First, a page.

Independent Science News has just published: “Genetic Testing of Citizens Is a Backdoor into Total Population Surveillance by Governments and Companies” by Helen Wallace, PhD, Executive Director of GeneWatch UK.

Why is Britain’s Health Service (the NHS), which is legendarily short of money, nevertheless willing to spend hundreds of millions of pounds to collect and store DNA, and build electronic health databases? The official answer is that these databases will benefit population health and reduce costs in the long term. Yet this official explanation has negligible scientific support. Ongoing research indicates that genetic inheritance plays only an occasional role in health outcomes and is largely irrelevant to common diseases. Nor, even when such groups can be identified, are there benefits in separating populations into high and low genetic risk groups. So, are Britain’s gene database projects attributable to common misunderstandings about the power of genetics to determine disease risk? Or are they stealthy attempts to partner with pharmaceutical giants and genomics companies? Or even attempts to complement surveillance information gained in other ways?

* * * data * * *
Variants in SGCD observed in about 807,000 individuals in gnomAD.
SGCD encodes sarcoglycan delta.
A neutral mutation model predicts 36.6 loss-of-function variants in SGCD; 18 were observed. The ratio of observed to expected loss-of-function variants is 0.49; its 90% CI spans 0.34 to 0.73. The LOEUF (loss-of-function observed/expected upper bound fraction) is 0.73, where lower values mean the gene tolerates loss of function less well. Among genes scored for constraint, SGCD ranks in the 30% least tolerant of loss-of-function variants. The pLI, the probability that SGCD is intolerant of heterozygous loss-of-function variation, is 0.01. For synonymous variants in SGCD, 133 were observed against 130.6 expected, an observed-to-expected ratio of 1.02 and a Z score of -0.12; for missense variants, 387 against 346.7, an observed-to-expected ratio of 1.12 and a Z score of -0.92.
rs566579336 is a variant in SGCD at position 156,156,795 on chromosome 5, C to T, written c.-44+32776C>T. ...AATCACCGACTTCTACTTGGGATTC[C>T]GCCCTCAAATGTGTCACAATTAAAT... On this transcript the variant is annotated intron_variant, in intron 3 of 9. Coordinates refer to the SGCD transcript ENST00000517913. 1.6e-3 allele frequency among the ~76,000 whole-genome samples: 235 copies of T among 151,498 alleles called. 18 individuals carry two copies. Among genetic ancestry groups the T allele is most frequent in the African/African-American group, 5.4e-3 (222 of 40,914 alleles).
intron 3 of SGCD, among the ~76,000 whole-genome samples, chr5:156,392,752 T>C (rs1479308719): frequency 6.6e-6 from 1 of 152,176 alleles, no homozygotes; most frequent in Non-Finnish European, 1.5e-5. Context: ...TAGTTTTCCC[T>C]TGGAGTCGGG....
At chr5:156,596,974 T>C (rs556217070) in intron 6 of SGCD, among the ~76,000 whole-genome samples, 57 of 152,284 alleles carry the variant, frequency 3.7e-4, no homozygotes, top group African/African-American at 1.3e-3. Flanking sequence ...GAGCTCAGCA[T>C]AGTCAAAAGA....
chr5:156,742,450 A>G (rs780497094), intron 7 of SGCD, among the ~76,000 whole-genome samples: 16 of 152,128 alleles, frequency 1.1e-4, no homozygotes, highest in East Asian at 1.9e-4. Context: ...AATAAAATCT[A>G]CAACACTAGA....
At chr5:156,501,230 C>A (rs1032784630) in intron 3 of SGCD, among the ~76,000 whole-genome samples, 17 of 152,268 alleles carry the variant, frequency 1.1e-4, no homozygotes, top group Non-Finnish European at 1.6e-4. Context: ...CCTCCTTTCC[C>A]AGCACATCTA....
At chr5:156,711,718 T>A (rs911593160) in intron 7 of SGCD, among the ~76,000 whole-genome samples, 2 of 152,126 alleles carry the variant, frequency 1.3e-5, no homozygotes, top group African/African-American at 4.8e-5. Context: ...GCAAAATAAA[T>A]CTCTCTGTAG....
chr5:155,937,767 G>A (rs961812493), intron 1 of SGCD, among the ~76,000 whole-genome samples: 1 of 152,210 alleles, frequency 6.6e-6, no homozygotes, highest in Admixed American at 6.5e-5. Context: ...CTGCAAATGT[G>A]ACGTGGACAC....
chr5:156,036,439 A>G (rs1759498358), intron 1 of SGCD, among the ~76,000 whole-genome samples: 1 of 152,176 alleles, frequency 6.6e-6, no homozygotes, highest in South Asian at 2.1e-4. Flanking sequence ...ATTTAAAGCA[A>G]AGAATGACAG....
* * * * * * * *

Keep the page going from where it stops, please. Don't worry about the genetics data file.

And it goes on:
Read the complete article on Independent Science News: Genetic Testing of Citizens Is a Backdoor into Total Population Surveillance by Governments and Companies.

For scientific references relevant to this topic visit the Bioscience Resource Project’s resource page: Human Genetic Predispositions – the hidden politics of genomic science.

GeneWatch UK is a not-for-profit that aims to ensure genetic technologies are developed and used in the public interest — so that they promote human health, protect the environment, and respect human rights and the interests of animals. Genewatch covers human genetics, genetically modified organisms (GMOs), and biological weapons. They also monitor research agendas (including DNA databases and biobanks) and patenting. GeneWatch UK plays an essential role in keeping scientists and the public informed on key genetic issues.